With scholarship offers from the likes of Ohio State, Alabama, Michigan, Michigan State, UC, Wisconsin, Notre Dame, Penn State, he'll have plenty of options. But, a college commitment can wait.
Briggs is occupied with leading the Eagles this season. Walnut Hills opens the season Friday night against visiting Lakota East at 7 p.m. in the 20th annual Skyline Chili Crosstown Showdown.
“He definitely commands a presence,” Walnut Hills coach Gerry Beauchamp said. “It’s definitely not a bad thing because when Jowon starts to bark the kids are like ‘uh-oh’ because he is a little more reserved.
“They know when he says something you can see a change in the whole demeanor and attitude of the team.”
Briggs has thought beyond football. He plans to take an Advanced Placement course in computer science principles next school year. Besides a football career, he’d like to become a computer programmer.
But there's more.
If the 15-year-old (he doesn’t turn 16 until Sept. 1) needs another component to his resume then he also has the experience of playing the lead role in "Ragtime -- The Musical" this past February at Walnut Hills. He won a Cappie for his lead role.
“It’s been a good decision in my life as far as I am concerned,” Briggs said after a football practice earlier this month. “It opened me up to (another) part of Walnut Hills I wasn’t really focused on like the musical department.”
“My wife (Dalila) and I are really proud of him,” said Briggs’ father, Jowon, who played high school football in Detroit in the late 1980s.
The Walnut Hills football standout is the second youngest of six children in the Briggs family. His younger brother, Zakai, is a freshman defensive lineman at Walnut Hills.
The Briggs family understands the importance of not only athletics but being well versed in other school activities such as music. Jowon attended the School for Creative and Performing Arts for two years prior to arriving at Walnut in the seventh grade.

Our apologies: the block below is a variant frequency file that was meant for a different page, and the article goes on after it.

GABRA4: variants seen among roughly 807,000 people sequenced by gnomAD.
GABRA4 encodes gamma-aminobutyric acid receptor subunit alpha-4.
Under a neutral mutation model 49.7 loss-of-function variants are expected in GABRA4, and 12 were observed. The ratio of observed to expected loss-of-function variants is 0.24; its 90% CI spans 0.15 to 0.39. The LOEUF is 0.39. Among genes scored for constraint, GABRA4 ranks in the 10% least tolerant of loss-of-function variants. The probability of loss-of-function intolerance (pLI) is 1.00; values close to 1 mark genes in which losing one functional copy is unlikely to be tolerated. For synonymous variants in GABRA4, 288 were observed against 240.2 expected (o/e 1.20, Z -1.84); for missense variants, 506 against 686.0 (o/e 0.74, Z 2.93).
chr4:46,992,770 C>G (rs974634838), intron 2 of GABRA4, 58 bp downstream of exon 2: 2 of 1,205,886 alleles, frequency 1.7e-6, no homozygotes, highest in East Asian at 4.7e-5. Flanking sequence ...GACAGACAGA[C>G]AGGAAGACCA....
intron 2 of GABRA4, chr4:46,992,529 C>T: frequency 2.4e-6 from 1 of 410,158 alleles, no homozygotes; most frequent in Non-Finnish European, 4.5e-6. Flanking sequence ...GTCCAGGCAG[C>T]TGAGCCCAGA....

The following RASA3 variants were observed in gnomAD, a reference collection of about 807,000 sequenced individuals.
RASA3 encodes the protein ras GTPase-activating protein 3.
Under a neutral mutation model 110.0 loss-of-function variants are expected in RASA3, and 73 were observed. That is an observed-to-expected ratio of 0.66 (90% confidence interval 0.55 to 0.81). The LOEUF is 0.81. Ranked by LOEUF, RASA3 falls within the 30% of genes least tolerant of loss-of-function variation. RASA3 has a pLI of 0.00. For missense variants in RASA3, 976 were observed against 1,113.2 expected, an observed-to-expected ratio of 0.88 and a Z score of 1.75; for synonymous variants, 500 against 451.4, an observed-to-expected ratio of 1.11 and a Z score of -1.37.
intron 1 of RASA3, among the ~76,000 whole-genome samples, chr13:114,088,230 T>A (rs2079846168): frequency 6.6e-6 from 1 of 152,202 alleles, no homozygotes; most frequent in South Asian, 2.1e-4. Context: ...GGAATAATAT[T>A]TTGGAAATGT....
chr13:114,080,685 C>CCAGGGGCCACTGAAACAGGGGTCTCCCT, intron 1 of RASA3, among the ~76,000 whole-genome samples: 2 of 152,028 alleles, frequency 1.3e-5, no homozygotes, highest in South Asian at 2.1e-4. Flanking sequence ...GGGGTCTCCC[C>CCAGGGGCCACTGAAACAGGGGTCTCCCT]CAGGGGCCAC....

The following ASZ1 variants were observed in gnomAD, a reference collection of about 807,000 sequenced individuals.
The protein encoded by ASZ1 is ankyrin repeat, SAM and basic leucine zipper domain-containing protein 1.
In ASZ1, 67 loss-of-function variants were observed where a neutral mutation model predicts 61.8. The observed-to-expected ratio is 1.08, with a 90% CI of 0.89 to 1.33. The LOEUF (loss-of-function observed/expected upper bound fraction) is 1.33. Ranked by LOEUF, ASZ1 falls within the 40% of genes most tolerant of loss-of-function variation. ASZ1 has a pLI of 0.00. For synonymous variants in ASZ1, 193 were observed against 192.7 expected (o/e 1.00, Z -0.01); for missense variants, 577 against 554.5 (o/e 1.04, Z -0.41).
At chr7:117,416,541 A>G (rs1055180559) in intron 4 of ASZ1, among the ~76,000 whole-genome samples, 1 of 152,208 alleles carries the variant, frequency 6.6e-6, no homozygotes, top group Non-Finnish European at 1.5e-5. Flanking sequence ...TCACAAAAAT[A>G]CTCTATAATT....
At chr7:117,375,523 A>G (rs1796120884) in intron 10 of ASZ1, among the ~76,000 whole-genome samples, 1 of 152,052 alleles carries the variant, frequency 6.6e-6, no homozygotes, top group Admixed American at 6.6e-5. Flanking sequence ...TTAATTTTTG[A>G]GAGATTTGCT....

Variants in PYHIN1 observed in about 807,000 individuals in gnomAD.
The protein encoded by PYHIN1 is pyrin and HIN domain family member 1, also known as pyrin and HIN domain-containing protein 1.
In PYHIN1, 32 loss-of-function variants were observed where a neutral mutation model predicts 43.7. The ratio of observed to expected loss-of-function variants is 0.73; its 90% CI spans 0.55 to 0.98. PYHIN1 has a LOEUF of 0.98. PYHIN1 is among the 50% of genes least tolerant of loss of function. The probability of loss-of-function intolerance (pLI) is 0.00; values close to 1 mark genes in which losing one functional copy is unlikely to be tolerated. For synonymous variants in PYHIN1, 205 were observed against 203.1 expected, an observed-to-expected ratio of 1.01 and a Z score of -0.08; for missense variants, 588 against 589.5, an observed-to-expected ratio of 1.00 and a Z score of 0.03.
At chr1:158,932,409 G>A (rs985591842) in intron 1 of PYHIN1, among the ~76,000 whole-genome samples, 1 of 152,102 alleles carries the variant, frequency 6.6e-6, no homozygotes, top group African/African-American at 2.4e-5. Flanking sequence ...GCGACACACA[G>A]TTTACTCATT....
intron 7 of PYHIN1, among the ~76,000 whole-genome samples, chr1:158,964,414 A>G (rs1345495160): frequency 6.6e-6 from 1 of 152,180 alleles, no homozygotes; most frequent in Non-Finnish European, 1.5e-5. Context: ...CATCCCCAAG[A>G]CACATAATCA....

Mike Sherman, the Walnut Hills Theatre Department Chairperson, had the football standout for a stagecraft class at Walnut but never heard him say more than five words. So he was curious to wait for Briggs’ moment to audition in November 2016.
“He comes in and this baritone high-tenor voice,” Sherman said. “He kind of blew everyone in the room away.”
Briggs rehearsed for nine or 10 weeks. He lifted weights in the morning for football and rehearsed four days a week after school before the three-hour opening night in February. He plans to audition for "Pippin-- the Musical" this November.
“He’s just a great kid and a really humble human being,” Sherman said.
That’s a common theme among the Walnut Hills coaches. One assistant said he hasn’t seen anyone like Briggs in decades.
Briggs has taken visits to UC, Notre Dame, Alabama, Michigan, Michigan State and Miami University. Jowon hasn’t narrowed any choices yet and he hasn’t let the spotlight change him.
“You wouldn’t see him get fazed by (the football recruiting),” his father said. “It’s important to him but it doesn’t change his beliefs.”
Briggs may be the vocal lead actor on stage but he leads by example on the football field among his teammates.
Briggs, who participated in the prestigious Nike Opening camp in Beaverton, Oregon this summer, is mostly a defensive tackle but played some offensive line in 2016. He will do so again this season.
“It’s unbelievable especially having him go on offense and defense,” Beauchamp said. “He picked up the offense like that -- really quick. He’s definitely a smart football player.”
Walnut Hills Defensive Coordinator Kyle Flynn joked he would like to see Briggs sing a tune for the team. But that hasn’t happened -- yet.
Flynn, a former La Salle assistant coach, feels blessed to coach Briggs – not only for his talent but his character. He compares him to former La Salle standout defensive lineman Jordan Thompson, who is now at Northwestern.
“He comes in as advertised,” Flynn said. “You hear the name Jowon Briggs. A lot of times you go in thinking if guys are over-hyped. I mean the guy is the real deal athletically. He’s an even better young man academically and as a person.”